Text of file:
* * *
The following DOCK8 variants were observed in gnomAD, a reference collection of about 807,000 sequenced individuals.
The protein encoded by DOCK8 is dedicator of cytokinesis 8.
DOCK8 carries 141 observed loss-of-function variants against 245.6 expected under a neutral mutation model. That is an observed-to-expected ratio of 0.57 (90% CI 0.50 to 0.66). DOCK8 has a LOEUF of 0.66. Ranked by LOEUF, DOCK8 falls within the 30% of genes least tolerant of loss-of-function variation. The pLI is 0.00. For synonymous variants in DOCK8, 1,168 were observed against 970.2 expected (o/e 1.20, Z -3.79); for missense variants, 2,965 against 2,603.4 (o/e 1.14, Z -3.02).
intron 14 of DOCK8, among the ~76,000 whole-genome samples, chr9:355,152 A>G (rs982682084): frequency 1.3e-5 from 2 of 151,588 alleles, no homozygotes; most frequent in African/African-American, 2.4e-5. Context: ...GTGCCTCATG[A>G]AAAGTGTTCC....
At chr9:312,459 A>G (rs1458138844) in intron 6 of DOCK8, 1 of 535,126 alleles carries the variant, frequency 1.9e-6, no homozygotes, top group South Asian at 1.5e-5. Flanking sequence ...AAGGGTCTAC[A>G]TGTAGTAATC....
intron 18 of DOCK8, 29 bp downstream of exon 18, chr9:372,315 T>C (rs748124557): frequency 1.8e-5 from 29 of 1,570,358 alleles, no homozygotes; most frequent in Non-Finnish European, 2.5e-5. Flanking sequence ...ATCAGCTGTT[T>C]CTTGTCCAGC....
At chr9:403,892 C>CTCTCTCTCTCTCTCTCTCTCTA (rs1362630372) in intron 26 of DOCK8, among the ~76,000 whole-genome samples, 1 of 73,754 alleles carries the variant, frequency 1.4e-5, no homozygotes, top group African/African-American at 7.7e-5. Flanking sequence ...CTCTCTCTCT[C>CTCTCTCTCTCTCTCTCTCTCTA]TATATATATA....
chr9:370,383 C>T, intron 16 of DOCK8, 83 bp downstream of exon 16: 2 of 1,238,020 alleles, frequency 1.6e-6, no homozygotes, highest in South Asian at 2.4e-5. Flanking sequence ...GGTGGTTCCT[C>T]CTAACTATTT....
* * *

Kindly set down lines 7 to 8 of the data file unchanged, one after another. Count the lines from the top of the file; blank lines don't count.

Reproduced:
At chr9:403,892 C>CTCTCTCTCTCTCTCTCTCTCTA (rs1362630372) in intron 26 of DOCK8, among the ~76,000 whole-genome samples, 1 of 73,754 alleles carries the variant, frequency 1.4e-5, no homozygotes, top group African/African-American at 7.7e-5. Flanking sequence ...CTCTCTCTCT[C>CTCTCTCTCTCTCTCTCTCTCTA]TATATATATA....
chr9:370,383 C>T, intron 16 of DOCK8, 83 bp downstream of exon 16: 2 of 1,238,020 alleles, frequency 1.6e-6, no homozygotes, highest in South Asian at 2.4e-5. Flanking sequence ...GGTGGTTCCT[C>T]CTAACTATTT....